Yeah. In its essence, if you think about any type of change that you've either participated in or had happened to you when you worked for a company or really maybe you were leading that change and it didn't turn out quite the way you thought it would, and you thought yourself, "Well, I don't understand, we made all the right process changes, we make the right tool changes, we told people they needed to be different, we communicated why we're doing this, maybe we even trained you to do things differently, and then it just didn't really work the way we thought it would."


Tabitha Dunn (05:12):

At its heart, that's where human-centered design, which really leads to human-centric transformation, has a true impact because you think about, it's not what people say they're going to do, it's what they actually do, which is why so many fitness clubs across the globe make a large part of their profits from the people who buy a membership and rarely or never go. Why would you do that? If you actually want to go to the gym and work out, or you have a purpose for it, why do so many people buy it and don't use it? And it's a great example of human-centered design about understanding why people do what they do and then designing for the outcome you want in mind.


Tabitha Dunn (06:00):

And probably one of my favorites everyone has seen is you might picture two sidewalks where they come to a T and then you see a trail through the grass that cuts the corner of those sidewalks, that's human-centered designed too, because they built those sidewalks to just follow a little orderly line. If people don't follow your orderly little lines, they actually follow the path of least resistance or the path that really interests them the most. And when you do human-centered design, you have to take the time to figure that out, not just on the customer side, but on the partner side if you have partners and on the employee side. And sales is a great example of that. You can teach your sales people challenger, for example, but if they don't get value from it and they don't connect to it, they're not going to sell via the challenger method because you didn't actually change how they wanted to sell, you just taught them something else. And they'll just take whatever they want from that and go forward and that may not be the outcome you actually want.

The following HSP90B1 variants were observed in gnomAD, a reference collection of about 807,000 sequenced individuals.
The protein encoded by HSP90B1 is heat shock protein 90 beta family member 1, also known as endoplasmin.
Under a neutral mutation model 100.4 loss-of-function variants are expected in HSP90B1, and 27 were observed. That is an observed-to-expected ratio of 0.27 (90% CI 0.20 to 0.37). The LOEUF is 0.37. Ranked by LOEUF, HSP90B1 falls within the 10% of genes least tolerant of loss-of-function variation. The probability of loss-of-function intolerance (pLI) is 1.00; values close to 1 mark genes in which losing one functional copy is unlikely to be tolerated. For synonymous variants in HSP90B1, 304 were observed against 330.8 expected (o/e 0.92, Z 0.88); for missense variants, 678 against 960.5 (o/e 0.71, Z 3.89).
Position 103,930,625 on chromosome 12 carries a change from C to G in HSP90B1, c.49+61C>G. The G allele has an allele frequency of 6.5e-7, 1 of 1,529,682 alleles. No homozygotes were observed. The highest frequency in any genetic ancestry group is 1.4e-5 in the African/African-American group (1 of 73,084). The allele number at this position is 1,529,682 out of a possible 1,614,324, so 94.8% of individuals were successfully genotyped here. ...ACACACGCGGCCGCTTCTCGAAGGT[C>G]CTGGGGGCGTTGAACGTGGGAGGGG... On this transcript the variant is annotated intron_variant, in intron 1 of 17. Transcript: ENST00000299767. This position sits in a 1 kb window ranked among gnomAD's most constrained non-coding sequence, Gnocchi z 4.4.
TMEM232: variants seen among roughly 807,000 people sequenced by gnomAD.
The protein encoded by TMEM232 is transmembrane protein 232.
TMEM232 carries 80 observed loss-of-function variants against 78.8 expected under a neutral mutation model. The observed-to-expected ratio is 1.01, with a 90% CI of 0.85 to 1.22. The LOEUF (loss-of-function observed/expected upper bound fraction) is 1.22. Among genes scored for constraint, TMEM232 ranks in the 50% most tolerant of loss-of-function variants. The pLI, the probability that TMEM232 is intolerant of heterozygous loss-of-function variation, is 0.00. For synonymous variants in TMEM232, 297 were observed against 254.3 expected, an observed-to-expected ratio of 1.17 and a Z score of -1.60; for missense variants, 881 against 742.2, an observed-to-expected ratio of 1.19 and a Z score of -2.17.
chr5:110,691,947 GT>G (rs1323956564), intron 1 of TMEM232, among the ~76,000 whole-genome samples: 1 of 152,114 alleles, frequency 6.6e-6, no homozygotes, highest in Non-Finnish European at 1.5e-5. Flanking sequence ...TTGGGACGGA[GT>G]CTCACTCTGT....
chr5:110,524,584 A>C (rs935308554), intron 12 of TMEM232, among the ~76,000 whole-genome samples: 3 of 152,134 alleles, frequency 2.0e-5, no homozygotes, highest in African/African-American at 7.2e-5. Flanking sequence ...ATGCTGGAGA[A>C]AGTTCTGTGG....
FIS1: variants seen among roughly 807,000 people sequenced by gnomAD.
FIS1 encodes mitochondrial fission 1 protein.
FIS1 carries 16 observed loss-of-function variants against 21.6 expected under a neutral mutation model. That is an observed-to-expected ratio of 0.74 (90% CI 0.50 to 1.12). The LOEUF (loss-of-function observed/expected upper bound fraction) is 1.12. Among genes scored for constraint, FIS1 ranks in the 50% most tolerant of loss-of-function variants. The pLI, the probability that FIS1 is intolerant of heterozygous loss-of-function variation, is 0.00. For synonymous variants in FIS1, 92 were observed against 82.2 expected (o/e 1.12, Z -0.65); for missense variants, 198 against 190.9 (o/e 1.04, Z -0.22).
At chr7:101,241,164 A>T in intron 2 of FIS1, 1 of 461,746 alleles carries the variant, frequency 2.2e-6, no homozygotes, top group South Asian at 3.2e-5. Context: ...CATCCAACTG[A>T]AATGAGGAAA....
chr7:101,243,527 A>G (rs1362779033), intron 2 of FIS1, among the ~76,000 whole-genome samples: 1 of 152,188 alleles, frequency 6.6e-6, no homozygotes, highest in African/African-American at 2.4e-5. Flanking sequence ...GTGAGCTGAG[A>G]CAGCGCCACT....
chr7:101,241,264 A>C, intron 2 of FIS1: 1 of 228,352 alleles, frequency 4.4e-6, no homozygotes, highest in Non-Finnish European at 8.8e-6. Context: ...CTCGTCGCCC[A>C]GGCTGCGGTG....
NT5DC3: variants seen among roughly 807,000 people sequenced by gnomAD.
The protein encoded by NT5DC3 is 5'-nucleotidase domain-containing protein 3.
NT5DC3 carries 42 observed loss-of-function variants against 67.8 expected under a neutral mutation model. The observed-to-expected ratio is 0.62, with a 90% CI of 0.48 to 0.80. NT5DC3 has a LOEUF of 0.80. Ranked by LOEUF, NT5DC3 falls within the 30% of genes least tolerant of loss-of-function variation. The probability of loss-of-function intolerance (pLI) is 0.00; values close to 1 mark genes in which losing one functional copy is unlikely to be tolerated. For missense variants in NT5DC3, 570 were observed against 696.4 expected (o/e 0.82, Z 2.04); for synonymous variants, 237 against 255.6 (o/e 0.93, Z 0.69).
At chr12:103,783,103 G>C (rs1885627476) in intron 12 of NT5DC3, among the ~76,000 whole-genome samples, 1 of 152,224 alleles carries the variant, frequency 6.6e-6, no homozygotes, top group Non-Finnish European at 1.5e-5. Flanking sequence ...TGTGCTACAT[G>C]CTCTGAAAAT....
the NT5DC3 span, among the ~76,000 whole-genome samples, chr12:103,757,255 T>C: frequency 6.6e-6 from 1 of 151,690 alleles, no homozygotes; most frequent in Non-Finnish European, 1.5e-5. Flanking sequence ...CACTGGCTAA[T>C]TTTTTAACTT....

Adam Conner (07:02):

That's a great analogy, by the way. I'm thinking about those sidewalks and beaten paths, I see that all the time like, I don't know, with popular internet blogs, they'll say, "Hey, this was a picture of like the school campus," colleges do this a lot, right? And that's the human-centered design, except some schools actually get ahead of the curve and they're like, "We're not going to pave any sidewalks here until we let our students come beat through the grass here, because we know where they want to walk so we're just going to pave where they want to walk." That's sort of like nicely responsive human-centered design.


Adam Conner (07:34):

Now admittedly I do see it less or maybe not as consistently in tech. So the question to me just comes back to why, again, only because here's that resources question coming back at you, so many of these large tech organizations have, and actually if you listen to the earnings call sometimes they'll flaunt having, all of this cash on hand resources that they can use to get towards that human-centered design, to get smarter about it, they clearly have the capability to do it. Why is it still not as consistently human-centered as it sounds like we should intuitively have? I mean, is it because it takes the proverbial years to beat the path in the grass? Is it something that investors can't see immediately, so they don't respond very well to it? I mean, why might that get all mucked up despite that, despite billions of that some of these folks have.


Tabitha Dunn (08:43):